To Merit Voss, the white picket fence around her house is the only thing normal about the family it contains. She lives in a converted church with her father, stepmother, and siblings, and although her parents have been divorced for years, her mother still lives in the basement, struggling with social anxiety. No one in her family is religious, so her brother Utah updates the church marquee every day with fun facts instead of Bible verses. Merit is less accomplished than her identical twin sister, Honor, so she likes to buy used trophies to celebrate her failures. But Honor seems to have a fetish for terminally ill boys, so it’s a surprise to Merit when Sagan, who is perfectly healthy, kisses Merit after mistaking her for her sister—and then reveals that he’s living in their house. Soon they have another houseguest, Luck, whose connection to the family makes Merit even more convinced she’s living in a madhouse. So why is everyone so angry at her? Merit has a love/hate relationship with her sister. She's conflicted by her feelings for Sagan, who leaves intriguing sketches (illustrated by Adams) around the house for her to decipher. She’s simultaneously intrigued and repulsed by Luck, who annoys her with his questions but is also her confidant. She can’t sit through dinner without starting a fight; she’s been skipping school for days; and when she decides to give her whole family the silent treatment, Sagan is the only one who notices. In fact, he and Luck are the only people in the house who recognize Merit’s quirks for what they really are—cries for help. And when Merit takes drastic measures to be heard, the fallout is both worse and much better than she feared. Hoover (It Ends With Us, 2016, etc.) does an excellent job of revealing the subtle differences between healthy teenage rebellion and clinical depression, and Merit’s aha moment is worthy of every trophy in her collection.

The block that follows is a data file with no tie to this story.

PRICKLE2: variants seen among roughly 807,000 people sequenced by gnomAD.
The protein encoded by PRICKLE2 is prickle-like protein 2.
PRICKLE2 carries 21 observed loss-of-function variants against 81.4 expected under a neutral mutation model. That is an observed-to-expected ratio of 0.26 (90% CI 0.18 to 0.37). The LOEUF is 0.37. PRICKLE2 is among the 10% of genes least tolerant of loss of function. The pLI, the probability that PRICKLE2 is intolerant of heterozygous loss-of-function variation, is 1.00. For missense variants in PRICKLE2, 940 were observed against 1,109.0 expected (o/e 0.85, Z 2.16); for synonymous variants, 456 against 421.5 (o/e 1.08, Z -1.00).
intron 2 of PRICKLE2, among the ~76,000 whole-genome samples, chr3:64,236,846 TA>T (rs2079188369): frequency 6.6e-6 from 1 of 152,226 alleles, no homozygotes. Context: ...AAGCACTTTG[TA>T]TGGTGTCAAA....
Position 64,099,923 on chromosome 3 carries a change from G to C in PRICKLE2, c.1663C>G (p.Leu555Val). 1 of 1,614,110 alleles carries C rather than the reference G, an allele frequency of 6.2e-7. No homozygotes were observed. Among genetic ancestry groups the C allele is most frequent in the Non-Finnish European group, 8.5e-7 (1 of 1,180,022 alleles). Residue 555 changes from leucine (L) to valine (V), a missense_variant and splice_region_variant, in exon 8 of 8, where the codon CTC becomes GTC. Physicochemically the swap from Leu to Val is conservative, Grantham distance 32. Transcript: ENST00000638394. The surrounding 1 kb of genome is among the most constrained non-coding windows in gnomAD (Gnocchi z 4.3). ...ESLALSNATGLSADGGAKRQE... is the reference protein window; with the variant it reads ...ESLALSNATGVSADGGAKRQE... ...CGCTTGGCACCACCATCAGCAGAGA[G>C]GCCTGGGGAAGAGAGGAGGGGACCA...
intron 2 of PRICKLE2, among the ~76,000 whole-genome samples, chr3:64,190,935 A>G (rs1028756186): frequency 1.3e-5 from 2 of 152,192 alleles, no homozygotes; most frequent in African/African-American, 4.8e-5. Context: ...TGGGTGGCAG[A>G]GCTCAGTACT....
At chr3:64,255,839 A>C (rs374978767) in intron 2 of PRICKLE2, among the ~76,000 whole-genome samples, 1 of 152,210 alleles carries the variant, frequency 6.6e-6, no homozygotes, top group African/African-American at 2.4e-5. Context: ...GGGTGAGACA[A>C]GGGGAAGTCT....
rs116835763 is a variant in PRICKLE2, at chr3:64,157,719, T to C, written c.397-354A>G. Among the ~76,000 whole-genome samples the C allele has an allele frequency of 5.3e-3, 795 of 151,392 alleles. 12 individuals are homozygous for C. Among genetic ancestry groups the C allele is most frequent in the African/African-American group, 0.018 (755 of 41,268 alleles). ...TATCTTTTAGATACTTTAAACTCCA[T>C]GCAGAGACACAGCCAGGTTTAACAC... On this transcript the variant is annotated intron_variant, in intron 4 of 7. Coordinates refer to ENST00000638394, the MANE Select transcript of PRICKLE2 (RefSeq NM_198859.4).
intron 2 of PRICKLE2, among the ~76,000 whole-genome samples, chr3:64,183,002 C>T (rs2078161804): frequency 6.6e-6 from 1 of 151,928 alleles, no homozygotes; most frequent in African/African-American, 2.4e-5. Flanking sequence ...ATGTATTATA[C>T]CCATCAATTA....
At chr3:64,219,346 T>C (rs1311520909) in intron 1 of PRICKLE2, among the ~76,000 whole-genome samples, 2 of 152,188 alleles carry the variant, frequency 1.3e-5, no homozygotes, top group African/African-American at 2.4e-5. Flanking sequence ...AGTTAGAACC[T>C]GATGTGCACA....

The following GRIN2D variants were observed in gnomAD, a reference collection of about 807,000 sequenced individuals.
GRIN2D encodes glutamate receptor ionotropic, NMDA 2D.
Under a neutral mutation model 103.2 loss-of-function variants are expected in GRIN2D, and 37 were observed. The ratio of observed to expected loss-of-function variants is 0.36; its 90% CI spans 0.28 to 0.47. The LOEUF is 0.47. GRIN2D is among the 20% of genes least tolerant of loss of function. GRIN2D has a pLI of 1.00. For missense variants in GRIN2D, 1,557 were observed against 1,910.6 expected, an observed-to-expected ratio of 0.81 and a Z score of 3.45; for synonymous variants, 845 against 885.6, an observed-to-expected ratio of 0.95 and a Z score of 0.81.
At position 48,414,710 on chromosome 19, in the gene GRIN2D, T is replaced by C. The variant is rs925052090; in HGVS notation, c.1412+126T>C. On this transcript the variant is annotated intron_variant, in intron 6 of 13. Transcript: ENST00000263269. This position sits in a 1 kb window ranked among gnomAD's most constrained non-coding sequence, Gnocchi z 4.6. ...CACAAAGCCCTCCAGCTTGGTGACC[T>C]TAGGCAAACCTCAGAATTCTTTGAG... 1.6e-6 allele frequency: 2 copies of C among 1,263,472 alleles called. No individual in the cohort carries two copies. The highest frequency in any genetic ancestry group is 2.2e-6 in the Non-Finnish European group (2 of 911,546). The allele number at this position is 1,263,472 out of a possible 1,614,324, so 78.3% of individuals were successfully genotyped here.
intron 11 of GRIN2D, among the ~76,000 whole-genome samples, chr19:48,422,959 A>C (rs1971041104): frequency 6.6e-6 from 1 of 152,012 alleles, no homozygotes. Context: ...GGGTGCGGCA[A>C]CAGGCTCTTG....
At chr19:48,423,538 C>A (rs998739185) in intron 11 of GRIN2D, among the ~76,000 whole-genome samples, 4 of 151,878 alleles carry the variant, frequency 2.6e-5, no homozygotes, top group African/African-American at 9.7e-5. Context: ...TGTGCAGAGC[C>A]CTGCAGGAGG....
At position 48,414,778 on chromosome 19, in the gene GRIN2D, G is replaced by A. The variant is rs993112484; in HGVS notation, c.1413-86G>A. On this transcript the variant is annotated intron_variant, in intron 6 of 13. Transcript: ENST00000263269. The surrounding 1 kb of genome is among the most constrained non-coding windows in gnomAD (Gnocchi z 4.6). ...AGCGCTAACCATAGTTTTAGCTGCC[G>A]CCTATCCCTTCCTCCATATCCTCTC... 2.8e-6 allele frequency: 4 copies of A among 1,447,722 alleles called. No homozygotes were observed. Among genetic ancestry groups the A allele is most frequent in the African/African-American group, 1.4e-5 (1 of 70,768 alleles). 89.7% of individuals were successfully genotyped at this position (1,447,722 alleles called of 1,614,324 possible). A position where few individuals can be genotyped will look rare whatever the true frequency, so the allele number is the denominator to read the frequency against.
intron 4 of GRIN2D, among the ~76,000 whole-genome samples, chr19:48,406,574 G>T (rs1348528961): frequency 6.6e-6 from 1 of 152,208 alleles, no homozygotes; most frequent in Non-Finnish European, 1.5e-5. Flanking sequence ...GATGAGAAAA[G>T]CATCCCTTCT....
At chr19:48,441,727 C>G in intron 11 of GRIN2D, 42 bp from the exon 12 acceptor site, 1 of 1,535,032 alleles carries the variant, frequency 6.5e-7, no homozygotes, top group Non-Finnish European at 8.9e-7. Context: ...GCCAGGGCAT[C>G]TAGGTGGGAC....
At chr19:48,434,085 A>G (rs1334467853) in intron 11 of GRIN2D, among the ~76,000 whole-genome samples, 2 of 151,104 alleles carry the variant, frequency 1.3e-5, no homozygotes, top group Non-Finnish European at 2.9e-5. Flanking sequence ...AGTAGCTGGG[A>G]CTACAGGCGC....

This quirky, complex, and frustrating heroine will win hearts and challenge assumptions about family dysfunction and mental illness in a life-affirming story that redefines what’s normal.

Pub Date: Oct. 3, 2017

ISBN: 978-1-5011-7062-1

Page Count: 384

Publisher: Atria

Review Posted Online: Aug. 6, 2017

Kirkus Reviews Issue: Aug. 15, 2017